Two months ago, the Institute of Physics revealed this YouTube video:
Edward Witten, whom they still call "a 2010 Newton Medal Winner" rather than the "An Inaugural Milner Prize Winner" because they think that £1,000 with a stamp "IOP" on it (plus the name of Isaac Newton, without his permission) is more than $3,000,000 ;-), is talking for 25 minutes about his CV, previous scholarly interests, as well as hot topics in string theory.
Edward Witten is known for having studied some social sciences – journalism, history, linguistics – and being a tool of the Democratic Party candidates (such as George McGovern 1972 who just died) but he has been interested in physical sciences from his childhood. He was interested in astronomy but he was afraid that the job required him to be an astronaut. It is cute to mix astronomers and astronauts. My dad doesn't distinguish astronomers from astrologers.
Of course, his father – a theoretical physicist – was probably affecting Edward Witten, too.
He has been interested in the peace in the Middle East. In fact, some of his $3 million Milner money is going to J Street, a left-wing NGO trying to create peace between the Israeli Arabs and Jews in some of the most naive ways. Of course, just like anyone who takes string theory seriously, he shows an old picture of himself on a camel.
He talks about his wife, kids, and interests. His parents didn't believe in pushing kids too far too quickly. He got a standard theoretical physics education rather soon. Only when he was a postdoc, his maths was getting deeper. Supersymmetry became essential when he was a student. It has played a key role in his research from the beginning.
Some extra remarks are dedicated to Einstein's general relativity, extra dimensions, and unification of all forces. He talks about his negative-energy instability of higher dimensions without SUSY. He paints himself as a relative latecomer to string theory. Of course, it depends whom you compare him with. Witten compares the beauty of the sound of different musical instruments depending on the admixtures of the higher Fourier modes.
In the early 1980s, he realized that the available consistent string vacua failed to violate the left-right symmetry (P and CP). At some moment in 1984, the first superstring revolution explodes and it was the first string miracle that occurred when Witten was watching. That's why it was a signal from the Heaven for him. String theory got much more realistic.
The 1990s are the decade of dualities and M-theory. Who needed the other four string theories, and so on. From that time, he's been intrigued by the application of string/M-theoretical methods to understand issues in "ordinary" established particle physics theories (why positive energy, why confinement, ...). This light that string theory manages to shine upon the established theories is Witten's main reason to be convinced that string theory is on the right track. The elegance with which string theory sheds the light is another reason. Witten still calls our understanding of string theory "the rough draft" but this rough draft has already led to amazing insights and Witten doesn't believe that such a chain of astonishing discoveries has happened by coincidence.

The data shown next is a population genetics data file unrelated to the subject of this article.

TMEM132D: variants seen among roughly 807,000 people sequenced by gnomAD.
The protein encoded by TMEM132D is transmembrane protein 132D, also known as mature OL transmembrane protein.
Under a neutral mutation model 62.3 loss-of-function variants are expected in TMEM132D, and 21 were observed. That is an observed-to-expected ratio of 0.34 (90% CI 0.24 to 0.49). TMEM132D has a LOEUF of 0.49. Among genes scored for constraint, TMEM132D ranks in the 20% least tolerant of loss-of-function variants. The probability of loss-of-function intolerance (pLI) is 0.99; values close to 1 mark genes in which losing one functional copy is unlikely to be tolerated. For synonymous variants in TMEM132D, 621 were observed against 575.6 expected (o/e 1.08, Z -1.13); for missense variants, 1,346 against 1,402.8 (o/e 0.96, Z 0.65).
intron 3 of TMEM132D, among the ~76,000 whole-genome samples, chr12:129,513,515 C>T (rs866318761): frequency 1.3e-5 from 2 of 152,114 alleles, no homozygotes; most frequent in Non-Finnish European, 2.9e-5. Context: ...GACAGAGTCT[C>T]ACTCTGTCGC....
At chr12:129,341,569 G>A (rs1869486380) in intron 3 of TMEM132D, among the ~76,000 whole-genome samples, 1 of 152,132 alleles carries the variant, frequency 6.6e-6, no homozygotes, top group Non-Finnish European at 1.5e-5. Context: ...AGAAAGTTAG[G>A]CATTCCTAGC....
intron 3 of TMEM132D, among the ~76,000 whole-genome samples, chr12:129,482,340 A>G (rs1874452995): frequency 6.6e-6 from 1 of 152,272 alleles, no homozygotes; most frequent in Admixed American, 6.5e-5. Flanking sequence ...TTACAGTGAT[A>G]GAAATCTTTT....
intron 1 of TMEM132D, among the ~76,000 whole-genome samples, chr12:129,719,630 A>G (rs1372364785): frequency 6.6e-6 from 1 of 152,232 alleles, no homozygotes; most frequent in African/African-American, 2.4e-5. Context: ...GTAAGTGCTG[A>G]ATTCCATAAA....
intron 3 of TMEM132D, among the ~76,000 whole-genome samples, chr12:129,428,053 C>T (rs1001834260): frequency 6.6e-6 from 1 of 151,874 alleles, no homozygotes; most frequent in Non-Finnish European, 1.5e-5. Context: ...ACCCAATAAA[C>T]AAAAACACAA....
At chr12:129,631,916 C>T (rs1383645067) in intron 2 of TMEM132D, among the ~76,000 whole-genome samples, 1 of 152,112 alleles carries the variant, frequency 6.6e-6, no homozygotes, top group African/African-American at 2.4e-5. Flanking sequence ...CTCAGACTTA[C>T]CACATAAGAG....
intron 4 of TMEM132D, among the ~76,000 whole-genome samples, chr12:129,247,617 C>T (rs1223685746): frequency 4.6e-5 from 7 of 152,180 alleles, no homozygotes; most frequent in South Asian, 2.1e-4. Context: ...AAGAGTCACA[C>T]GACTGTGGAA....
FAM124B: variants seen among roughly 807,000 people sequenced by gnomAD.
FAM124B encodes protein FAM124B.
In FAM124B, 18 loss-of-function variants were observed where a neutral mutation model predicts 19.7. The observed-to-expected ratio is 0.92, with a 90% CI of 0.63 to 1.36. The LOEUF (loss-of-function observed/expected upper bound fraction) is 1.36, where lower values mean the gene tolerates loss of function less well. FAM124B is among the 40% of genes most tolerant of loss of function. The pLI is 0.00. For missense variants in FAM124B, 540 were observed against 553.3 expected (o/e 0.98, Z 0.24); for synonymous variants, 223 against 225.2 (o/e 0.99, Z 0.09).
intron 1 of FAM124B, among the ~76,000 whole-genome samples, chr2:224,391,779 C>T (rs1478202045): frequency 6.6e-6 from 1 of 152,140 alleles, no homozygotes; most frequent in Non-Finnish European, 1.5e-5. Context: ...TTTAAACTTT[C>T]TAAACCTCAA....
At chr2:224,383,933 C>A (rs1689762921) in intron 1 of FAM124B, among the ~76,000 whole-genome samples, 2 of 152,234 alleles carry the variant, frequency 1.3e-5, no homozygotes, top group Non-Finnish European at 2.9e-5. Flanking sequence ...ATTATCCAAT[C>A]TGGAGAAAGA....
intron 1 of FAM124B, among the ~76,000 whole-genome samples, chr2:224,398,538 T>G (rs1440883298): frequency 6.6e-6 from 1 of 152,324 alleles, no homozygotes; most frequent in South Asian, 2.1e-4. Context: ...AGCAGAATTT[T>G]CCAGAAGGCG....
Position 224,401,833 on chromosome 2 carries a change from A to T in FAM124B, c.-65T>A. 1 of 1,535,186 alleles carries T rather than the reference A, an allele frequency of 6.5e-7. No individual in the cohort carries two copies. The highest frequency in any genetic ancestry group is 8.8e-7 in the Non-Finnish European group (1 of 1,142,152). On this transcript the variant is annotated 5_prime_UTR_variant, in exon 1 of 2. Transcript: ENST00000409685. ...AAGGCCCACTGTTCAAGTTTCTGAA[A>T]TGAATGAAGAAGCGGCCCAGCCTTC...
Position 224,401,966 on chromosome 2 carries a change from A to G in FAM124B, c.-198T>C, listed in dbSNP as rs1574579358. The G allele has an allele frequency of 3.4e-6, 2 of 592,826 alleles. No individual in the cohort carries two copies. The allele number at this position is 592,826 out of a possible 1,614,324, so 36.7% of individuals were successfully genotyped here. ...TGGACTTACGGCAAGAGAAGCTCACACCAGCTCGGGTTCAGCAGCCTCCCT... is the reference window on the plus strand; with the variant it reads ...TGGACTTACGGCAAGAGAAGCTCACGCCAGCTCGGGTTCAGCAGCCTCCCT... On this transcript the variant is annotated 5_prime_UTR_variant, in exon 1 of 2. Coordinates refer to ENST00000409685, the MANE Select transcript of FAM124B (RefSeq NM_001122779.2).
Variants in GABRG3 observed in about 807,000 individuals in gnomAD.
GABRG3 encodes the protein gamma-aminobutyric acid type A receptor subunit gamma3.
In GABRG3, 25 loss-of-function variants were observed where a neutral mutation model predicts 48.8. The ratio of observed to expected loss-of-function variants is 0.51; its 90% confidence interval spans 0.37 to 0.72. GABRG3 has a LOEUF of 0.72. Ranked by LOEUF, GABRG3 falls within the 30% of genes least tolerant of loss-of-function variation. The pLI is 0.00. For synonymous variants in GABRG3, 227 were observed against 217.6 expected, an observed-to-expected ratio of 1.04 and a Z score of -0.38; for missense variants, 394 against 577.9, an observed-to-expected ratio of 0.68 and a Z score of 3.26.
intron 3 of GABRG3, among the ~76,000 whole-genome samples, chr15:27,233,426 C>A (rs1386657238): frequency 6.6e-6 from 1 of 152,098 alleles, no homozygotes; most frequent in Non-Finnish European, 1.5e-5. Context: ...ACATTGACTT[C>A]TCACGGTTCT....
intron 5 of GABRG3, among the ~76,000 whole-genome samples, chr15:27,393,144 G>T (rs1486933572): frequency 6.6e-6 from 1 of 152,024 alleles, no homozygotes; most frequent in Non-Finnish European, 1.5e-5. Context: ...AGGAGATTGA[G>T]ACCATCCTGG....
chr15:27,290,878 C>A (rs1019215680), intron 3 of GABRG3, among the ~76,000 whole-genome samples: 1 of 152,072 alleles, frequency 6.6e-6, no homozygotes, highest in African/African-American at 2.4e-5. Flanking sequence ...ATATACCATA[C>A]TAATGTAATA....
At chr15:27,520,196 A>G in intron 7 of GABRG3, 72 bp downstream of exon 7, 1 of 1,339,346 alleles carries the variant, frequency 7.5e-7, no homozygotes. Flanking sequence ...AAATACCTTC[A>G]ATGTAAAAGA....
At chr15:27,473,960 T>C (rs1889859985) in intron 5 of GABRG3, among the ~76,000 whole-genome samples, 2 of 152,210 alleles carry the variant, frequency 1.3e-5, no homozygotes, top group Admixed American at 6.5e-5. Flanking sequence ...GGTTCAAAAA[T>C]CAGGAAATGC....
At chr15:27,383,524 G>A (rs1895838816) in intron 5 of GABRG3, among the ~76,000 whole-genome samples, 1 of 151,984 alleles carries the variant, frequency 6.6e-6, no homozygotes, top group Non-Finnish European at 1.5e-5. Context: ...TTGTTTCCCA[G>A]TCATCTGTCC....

The last reason why string theory seems right to him is that it teaches us new and deeper things about the geometry – including things that surprised mathematicians and inspired those at the frontier. He hadn't expected such a thing when he was young but these insights did materialize. Our confusion has actually helped to develop the new concepts.
A special discussion is dedicated to the big mystery what is the core principle underlying string theory much like the equivalence principle or spatial curvature underlying Einstein's general relativity. What string theory really means? It fascinates him most. But for decades, the theory has been smarter than us and forced us to move in previously unanticipated direction with twists – and that's probably still true today.
Witten isn't actively trying to solve the biggest questions. He says a thing often told by Andy Strominger as well – an important skill in the research is to choose a question small enough so that you have a chance to answer it but big enough so that it is worth answering. The Khovanov issues are mentioned as an example. Witten couldn't understand what the stuff was about – but he did understand it was physics-related (I am not that far). Witten makes it clear he realizes that most string theorists aren't interested in those things but he's independent enough not to care. Of course, there's no guarantee this stuff will be important. He knows that but he suspects it will be important. ;-)
At the end, he compares the string theory research with the discovery of new continents and with finding a treasure underground that we don't fully understand but we see that pieces fit together.
Some fun via Fred S. – a new densest element was just found.